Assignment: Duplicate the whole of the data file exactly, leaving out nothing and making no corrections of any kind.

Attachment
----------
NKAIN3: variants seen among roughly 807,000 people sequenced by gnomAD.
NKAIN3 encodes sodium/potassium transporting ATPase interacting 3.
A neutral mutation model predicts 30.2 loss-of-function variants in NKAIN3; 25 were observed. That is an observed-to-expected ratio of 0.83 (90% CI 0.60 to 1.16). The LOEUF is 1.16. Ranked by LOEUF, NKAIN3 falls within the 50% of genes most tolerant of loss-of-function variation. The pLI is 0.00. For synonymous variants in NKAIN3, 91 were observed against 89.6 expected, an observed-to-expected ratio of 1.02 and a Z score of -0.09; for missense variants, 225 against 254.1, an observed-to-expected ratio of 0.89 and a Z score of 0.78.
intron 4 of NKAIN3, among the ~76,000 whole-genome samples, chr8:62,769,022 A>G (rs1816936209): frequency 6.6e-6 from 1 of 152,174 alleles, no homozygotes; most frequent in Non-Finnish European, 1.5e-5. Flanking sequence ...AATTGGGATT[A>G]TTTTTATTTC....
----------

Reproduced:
NKAIN3: variants seen among roughly 807,000 people sequenced by gnomAD.
NKAIN3 encodes sodium/potassium transporting ATPase interacting 3.
A neutral mutation model predicts 30.2 loss-of-function variants in NKAIN3; 25 were observed. That is an observed-to-expected ratio of 0.83 (90% CI 0.60 to 1.16). The LOEUF is 1.16. Ranked by LOEUF, NKAIN3 falls within the 50% of genes most tolerant of loss-of-function variation. The pLI is 0.00. For synonymous variants in NKAIN3, 91 were observed against 89.6 expected, an observed-to-expected ratio of 1.02 and a Z score of -0.09; for missense variants, 225 against 254.1, an observed-to-expected ratio of 0.89 and a Z score of 0.78.
intron 4 of NKAIN3, among the ~76,000 whole-genome samples, chr8:62,769,022 A>G (rs1816936209): frequency 6.6e-6 from 1 of 152,174 alleles, no homozygotes; most frequent in Non-Finnish European, 1.5e-5. Flanking sequence ...AATTGGGATT[A>G]TTTTTATTTC....